What to pack for a ski trip can seem like an impossible task. What to wear skiing is so bulky and your bag fills with just a few items. You certainly don’t want to forget something or opt to leave important gear at home. Because let’s face it. Skiing requires you to be comfortable and anything less will have you racing toward the lodge.
Your only remaining option will be to purchase overpriced gear on the mountain or squander an entire trip. Whether you’re skiing in the Swiss Alps, Canada’s Mont Tremblant, or a mountain close to home you need to be warm and comfortable in your gear.
I’m a light and practical traveler who has worked and reworked how to get the most out of my bag’s space and the gear I bring. So, I focus on only the ski essentials and I thought it would be helpful to share my travel-tested ski trip packing list with you, as well!
13 Essentials You Need to Pack for a Ski Trip
1. Base Layers
Effective base layers are total workhorses. They are the key to every warm ski ensemble and should be at the very top of your ski packing list.
Layer up with soft merino wool Icebreakers or Omni-Heat tops and bottoms. These base layers are so warm and comfy you won’t want to take them off! They can be rolled up and squeezed into the tightest crevices in your bag.
Depending on the length of your trip, 1-2 base layer sets will suffice. Also, consider the temperatures you’ll be skiing in. The difference between lightweight, midweight, and heavyweight baselayers is significant, and choosing the wrong one can leave you feeling too hot or too cold.
2. Ski Jacket
The Patagonia Insulated Powder Town Jacket is a high-performance, two-layer shell for ultimate warmth and wind protection. And, when you’re figuring out what to pack for skiing and other snow fun, a rock-solid jacket is a must.
This cozy Patagonia jacket is waterproof to not only keep you dry but also wrap you in a shell of impermeable heat. You’ll feel absolutely no cold when you have this coat on together with your other ski layers.
Best of all, you can move in this coat! Good ski gear shouldn’t make you feel like you’re weighed down in layers unable to sport your snow carving skills!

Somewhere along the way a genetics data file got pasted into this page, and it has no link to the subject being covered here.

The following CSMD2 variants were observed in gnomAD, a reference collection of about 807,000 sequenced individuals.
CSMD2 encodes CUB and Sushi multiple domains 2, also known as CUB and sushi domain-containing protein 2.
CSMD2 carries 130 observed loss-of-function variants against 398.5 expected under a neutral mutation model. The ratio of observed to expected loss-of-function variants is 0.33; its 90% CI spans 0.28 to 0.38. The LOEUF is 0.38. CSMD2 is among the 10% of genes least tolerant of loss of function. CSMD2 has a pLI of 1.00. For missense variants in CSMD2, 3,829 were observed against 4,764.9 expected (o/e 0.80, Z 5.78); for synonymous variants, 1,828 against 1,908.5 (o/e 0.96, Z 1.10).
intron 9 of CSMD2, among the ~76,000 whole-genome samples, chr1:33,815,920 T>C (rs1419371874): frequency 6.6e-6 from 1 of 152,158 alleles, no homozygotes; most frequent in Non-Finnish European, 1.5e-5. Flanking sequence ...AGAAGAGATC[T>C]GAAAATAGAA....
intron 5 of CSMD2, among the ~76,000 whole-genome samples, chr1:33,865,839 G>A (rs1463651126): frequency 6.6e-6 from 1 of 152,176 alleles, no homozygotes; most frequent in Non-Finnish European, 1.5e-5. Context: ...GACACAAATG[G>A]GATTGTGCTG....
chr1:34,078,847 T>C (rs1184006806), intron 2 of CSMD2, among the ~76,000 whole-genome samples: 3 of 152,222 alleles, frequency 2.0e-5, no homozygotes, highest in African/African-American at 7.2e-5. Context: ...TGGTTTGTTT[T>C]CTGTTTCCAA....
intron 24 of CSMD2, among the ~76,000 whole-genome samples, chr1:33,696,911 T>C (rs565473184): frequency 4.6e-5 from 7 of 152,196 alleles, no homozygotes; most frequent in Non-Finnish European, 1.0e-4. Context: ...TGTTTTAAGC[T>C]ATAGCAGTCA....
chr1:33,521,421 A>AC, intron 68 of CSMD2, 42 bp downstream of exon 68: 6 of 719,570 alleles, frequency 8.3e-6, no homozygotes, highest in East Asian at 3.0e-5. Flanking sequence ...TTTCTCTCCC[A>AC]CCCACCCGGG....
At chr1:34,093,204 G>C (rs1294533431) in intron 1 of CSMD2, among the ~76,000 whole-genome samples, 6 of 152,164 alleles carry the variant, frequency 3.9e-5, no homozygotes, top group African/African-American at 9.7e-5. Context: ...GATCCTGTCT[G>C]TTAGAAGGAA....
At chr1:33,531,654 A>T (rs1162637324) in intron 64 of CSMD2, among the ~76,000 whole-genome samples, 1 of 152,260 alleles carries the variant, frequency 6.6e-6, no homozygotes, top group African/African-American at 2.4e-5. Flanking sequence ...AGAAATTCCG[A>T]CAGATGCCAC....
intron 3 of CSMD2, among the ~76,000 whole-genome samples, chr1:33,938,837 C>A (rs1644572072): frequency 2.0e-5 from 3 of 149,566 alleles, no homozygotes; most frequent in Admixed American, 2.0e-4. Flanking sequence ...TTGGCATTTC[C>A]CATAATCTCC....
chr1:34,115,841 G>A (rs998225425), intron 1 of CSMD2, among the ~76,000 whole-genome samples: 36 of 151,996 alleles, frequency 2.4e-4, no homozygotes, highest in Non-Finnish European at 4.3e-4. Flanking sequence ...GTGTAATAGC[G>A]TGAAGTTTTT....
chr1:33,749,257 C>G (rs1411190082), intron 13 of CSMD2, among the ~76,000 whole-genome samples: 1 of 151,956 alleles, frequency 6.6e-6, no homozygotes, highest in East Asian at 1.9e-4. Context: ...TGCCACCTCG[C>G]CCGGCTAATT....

The bonus is you’ll be able to manage with just this coat for skiing and après-ski. So, you’ll be checking off 2 items on your ski trip packing list and saving space in your bag. Win-win 🙂
3. Mittens (Not Gloves!)
Be sure your ski trip checklist includes waterproof and warm women’s mittens and a flexible pair of glove liners. Your hands and fingers won’t even know they’re being pelted with cold air as you ski downhill.
I love how mittens maximize my own body heat by keeping my fingers together while the glove liners offer protection against the elements when I take off my mittens and tap away at my touchscreen!
4. Ski Pants
Columbia’s Bugaboo ski pants are stylish and perfect for cold weather conditions, not to mention the solid colors go with many different color fleece tops. During ski breaks, I like taking my coat off in the lodge and wearing ski clothes that actually match, contrary to the many other loud and colorful items of ski clothing.
Thinking about what to take skiing, I’m always tempted to pack more ski pants than I need. But, limit yourself to 2 pairs, even though that 3rd pair is literally screaming your name as you zip (and lock) your bag.
By now, you’ve probably realized how much of a winter gear geek I am! But I’m serious about warmth and comfort to maximize the fun on the slopes.
Fleeces make packing for a ski trip so easy because of their versatility. Wear them over a base layer for a day on the slopes. Layer them on their own as a jacket for a warmer ski day. After a day on the slopes, lounge by the fire wearing a fleece and yoga pants or match them with your favorite leggings (or even better favorite fleece-lined leggings!) for a casual après ski hang.
Because of their multi-uses, I’d pack 2-3 depending on the length of your trip. This way, you can have 1-2 for skiing, but an extra for après ski in case the others are sweaty or smelly.
6. Ski Goggles
Anon’s Women Snow Goggles are one of the best investments I’ve ever made in my ski gear.
I love the interchangeable, anti-fog lenses for different lighting conditions. They have a great fit and sometimes I almost forget I have them on!
If you’re wondering whether these are skiing essentials for beginners or you’re simply an occasional skier who needs a casual price point to match how many times you’ll wear a pair of ski goggles, these OTG goggles are best-sellers. I’ve bought several pairs as gifts for family members and they’ve worked like a charm!
Scarves are so cozy for an après ski hangout but an absolute no-no when skiing. They can be a hazard should they flap around in the wind and often shift, opening up spaces where cold air can slip through to your skin.
A neck gaiter slides over your neck and the fleece insulates against the wind, cold, and any wetness, be it from sweat or precipitation. It’s a definite when deciding what to bring on a ski trip.
8. Ski Socks
What to bring skiing must include the right socks! Uncomfortable feet mean less time on the slopes and more time in the lodge.
Made from soft merino wool, these women’s ski socks will cushion your feet inside of your ski boots and keep your toes toasty and dry by wicking away sweat. Your ski holiday packing list doesn’t have to include foot warmers with the right socks. Bring 2-4 pairs depending on how many days you’ll be skiing.
ProTip: Sierra is also a great place to look for discounted socks and other ski gear on closeout!
9. Hydration Pack
Essential ski gear isn’t only about the right clothing.
Stay hydrated with a sleek Camelbak Women’s Hydration Pack. It’s compact and holds 1.5 liters of fluids. It’s also functional, storing small items like keys and money. The hydration chamber inside is replaceable, but the pack itself comes with a lifetime guarantee.